This is the ninth finalist in Young Post’s 2016 Summer Story Competition in which a Samsung Gear VR headset and a 32GB Samsung Galaxy S7 will be won. Each week, we will publish one of the finalists’ stories, with the winning entry appearing in Young Post on August 27
A moist summer breeze enveloped me in warmth, blowing a few strands of my hair over my face. I twirled it back behind my ear with my eyes still fixated on the book. Through the locked door, I heard some indistinct noises. It sounded like someone on the TV show had just cracked a joke. Shaking my head faintly, I focused on the book again. Laughter echoed through the door, and annoyed, I glanced at the clock, which read 20:47. As if there had been a pause button, the clamour came to an abrupt stop, which put a smile on my face. I went on reading until midnight, undisturbed, which was rare.
When I finally put down the book and rubbed my eyes in drowsiness, I was halfway through. Stretching, I glanced up at the clock again, which still read 20:47. I frowned at the hands of the clock with slight annoyance and checked my watch for the actual time. It also read 20:47. “Things always have to break at the same time – literally,” I complained out loud.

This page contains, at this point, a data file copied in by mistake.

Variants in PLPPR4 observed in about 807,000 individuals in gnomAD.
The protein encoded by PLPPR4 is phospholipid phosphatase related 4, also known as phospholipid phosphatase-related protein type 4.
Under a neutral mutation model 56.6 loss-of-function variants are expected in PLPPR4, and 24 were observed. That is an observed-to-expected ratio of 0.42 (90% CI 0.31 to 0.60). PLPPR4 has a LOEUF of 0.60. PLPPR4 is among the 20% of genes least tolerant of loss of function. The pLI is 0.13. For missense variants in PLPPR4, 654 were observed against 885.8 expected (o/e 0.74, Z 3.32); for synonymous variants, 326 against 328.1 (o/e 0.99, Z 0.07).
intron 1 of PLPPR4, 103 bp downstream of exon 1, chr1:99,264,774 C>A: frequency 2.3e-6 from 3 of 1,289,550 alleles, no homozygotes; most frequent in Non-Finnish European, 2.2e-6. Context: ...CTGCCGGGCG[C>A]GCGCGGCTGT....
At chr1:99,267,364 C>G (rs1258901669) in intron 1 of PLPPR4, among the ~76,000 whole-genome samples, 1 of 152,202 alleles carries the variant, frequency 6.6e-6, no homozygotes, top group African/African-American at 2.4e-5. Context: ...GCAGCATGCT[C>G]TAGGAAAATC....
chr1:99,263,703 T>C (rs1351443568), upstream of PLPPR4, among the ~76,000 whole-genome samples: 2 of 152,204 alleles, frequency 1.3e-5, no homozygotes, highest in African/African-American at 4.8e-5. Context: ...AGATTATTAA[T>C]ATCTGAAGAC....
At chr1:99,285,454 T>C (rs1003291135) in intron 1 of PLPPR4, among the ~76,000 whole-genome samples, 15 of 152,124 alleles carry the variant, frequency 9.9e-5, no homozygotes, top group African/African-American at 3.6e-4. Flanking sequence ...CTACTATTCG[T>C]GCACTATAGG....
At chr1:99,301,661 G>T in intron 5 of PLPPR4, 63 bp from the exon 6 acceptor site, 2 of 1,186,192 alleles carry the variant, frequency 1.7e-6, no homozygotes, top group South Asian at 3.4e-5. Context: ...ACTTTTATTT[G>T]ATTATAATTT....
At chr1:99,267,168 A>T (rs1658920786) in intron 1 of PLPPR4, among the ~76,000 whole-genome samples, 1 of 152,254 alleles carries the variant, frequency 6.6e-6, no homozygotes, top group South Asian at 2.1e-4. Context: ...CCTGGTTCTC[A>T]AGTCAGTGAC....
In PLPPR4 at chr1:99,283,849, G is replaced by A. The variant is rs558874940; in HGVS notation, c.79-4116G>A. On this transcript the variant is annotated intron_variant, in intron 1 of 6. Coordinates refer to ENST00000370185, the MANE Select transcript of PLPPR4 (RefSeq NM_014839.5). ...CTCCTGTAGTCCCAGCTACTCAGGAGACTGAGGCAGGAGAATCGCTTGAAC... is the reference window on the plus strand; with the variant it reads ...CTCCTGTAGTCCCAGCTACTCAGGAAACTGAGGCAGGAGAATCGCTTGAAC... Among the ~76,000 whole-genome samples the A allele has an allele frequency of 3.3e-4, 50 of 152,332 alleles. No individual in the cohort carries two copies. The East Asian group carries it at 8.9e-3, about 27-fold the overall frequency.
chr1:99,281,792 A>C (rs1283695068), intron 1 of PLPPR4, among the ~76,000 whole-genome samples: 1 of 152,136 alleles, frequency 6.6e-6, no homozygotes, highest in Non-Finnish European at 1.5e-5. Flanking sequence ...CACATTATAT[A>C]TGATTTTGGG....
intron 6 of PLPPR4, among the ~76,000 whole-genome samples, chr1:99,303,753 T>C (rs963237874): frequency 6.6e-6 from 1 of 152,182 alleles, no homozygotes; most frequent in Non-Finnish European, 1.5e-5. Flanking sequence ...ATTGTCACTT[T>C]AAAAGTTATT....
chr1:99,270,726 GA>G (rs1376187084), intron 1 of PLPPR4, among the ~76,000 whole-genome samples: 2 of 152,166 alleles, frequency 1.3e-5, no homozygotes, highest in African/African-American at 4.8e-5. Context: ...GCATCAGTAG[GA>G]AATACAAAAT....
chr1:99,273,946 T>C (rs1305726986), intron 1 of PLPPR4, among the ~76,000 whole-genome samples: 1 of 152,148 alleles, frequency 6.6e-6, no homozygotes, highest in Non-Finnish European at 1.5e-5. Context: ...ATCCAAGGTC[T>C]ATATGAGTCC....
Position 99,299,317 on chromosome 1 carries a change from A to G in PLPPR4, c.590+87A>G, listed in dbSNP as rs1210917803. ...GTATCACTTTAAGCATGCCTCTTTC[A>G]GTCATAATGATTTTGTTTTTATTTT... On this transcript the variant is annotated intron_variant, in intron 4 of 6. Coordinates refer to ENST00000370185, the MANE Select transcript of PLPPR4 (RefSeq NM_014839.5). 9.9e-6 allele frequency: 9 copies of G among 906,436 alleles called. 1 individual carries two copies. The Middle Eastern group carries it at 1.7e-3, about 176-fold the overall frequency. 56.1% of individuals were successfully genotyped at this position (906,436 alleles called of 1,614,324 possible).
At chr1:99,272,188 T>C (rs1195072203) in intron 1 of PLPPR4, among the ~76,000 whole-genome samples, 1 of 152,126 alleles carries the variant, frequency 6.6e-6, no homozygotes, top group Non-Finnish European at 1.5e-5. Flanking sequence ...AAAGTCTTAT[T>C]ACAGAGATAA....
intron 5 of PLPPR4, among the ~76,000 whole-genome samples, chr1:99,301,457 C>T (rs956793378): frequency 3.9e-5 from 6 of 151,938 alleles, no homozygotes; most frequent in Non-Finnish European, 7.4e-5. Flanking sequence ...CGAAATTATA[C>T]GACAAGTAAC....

Stumbling out of my bed into the living room, the scene awaited was not what you’d expect at midnight, nor under any circumstances. I let out a screech and my legs went limp.
Mum, Dad, Jason and Hazel were still sitting as I had left them hours ago. But they weren’t moving. Dad had his cup of tea raised halfway to his mouth and Mum was fixated on the TV. Jason was sitting with his legs bent, and Hazel had her eyes glued to her phone; her finger mid-scroll.
They were frozen in the moment when someone from the TV show had made a joke. The moment when the noises ceased suddenly. The moment when 20:47 struck. The moment when I was the only one left behind. The moment when the population of my world went down to one.
The scene was disconcerting. I didn’t know what to do so I fumbled frantically with the door to get out of the house. And I ran.